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Cited by 172 (1 self)
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The thesis of this paper is that finite, noncooperative games possessing both complete and perfect information ought to be treated like oneplayer decision problems. That is, players ought to assign at every move subjective probabilities to every subsequent choice in the game and ought to make decisions via backward induction. This view is in contrast with the gametheoretic approach of Nash equilibrium. After expanding on this view for games in the abstract in Sections 2 and 3, attention is turned in Section 4 to an example due to Reinhard Selten, called the chainstore paradox, which possesses the flavor of a situation involving a predatorypricing monopolist. It is argued that for the chainstore game the decisionanalytic approach leads, under certain assumptions, to more realistic outcomes than the standard Nashequilibrium approach. 2. AN ILLUSTRATIVE EXAMPLE Consider the game tree in Fig. 1 to be played only once in which the outcomes are assumed to be expressed in U.S. dollars and x and y are dollar values known to both players. In words, if Player 1 chooses Left, he receives x dollars and 2 receives y dollars; if Player 1 chooses Right, then the outcome is either (0,O) or (1 million, 1) depending on Player 2’s choice. Assuming that each player’s von NeumannMorgenstern utilities for the outcomes are ordered in the same way as the dollar values and assuming that the game is played under conditions of complete information (i.e., each player knows the rules, the dollar payoffs for both, von NeumannMorgenstern utility images of both players ’ payoffs, the fact that the other player knows all of this, the fact that the other knows that he knows, etc.) what should Player 1 do? More directly, for what values of x and y would you as Player 1 be indifferent between your two choices? For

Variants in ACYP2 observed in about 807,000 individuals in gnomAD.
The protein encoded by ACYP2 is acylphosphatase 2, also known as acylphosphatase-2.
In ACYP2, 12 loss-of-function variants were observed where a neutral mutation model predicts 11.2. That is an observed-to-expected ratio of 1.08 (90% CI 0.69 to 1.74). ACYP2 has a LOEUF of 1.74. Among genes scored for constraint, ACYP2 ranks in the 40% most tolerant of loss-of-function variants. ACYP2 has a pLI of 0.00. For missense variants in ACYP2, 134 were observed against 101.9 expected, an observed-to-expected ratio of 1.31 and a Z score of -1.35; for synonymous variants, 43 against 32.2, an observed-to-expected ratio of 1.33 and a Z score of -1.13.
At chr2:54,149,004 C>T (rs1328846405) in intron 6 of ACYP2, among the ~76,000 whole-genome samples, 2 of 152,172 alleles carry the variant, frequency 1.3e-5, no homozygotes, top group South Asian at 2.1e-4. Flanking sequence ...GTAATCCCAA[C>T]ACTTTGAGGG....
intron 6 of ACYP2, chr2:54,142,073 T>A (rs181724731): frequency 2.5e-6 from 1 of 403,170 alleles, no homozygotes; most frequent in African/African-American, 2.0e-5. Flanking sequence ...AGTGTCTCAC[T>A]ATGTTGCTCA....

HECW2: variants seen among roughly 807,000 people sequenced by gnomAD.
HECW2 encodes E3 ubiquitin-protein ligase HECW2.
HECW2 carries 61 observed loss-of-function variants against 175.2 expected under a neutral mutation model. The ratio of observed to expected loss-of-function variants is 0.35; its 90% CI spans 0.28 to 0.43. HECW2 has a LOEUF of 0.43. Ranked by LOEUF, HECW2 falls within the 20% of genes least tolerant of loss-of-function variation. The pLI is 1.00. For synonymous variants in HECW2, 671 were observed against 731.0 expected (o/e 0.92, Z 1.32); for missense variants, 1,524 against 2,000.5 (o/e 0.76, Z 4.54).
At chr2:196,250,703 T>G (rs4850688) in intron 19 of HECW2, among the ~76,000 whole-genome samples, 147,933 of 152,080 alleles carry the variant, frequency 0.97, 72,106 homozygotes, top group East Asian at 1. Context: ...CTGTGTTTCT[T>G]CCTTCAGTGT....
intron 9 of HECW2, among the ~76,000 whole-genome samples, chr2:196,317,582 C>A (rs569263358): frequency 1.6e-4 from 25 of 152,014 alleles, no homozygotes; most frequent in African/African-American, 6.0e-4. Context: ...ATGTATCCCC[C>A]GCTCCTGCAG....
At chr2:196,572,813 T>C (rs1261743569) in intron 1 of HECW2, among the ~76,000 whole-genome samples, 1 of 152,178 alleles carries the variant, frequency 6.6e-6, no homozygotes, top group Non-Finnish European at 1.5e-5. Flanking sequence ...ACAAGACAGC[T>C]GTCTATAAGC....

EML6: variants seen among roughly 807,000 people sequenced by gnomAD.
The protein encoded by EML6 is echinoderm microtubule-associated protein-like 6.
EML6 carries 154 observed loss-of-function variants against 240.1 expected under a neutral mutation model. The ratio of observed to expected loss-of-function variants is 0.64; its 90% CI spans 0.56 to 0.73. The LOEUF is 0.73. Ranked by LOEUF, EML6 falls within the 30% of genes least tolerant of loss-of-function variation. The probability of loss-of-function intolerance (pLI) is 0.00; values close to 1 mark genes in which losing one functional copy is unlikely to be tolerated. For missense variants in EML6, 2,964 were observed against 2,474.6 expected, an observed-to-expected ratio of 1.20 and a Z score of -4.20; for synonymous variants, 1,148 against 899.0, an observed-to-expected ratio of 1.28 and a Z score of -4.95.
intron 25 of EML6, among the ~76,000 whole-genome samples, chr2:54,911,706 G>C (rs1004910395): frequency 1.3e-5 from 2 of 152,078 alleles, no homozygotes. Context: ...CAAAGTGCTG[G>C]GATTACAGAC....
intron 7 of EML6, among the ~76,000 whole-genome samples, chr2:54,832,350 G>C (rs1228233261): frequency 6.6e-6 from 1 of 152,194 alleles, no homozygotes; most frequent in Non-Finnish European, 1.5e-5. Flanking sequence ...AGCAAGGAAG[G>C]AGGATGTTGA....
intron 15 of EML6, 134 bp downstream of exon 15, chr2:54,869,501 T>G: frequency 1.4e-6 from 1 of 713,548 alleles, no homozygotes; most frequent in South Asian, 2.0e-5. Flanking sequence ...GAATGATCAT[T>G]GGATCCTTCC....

COMPUTATION OF EQUILIBRIA in Finite Games
, 1996
"... We review the current state of the art of methods for numerical computation of Nash equilibria for nitenperson games. Classical path following methods, such as the LemkeHowson algorithm for two person games, and Scarftype fixed point algorithms for nperson games provide globally convergent metho ..."
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Cited by 149 (1 self)
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We review the current state of the art of methods for numerical computation of Nash equilibria for nitenperson games. Classical path following methods, such as the LemkeHowson algorithm for two person games, and Scarftype fixed point algorithms for nperson games provide globally convergent methods for finding a sample equilibrium. For large problems, methods which are not globally convergent, such as sequential linear complementarity methods may be preferred on the grounds of speed. None of these methods are capable of characterizing the entire set of Nash equilibria. More computationally intensive methods, which derive from the theory of semialgebraic sets are required for finding all equilibria. These methods can also be applied to compute various equilibrium refinements.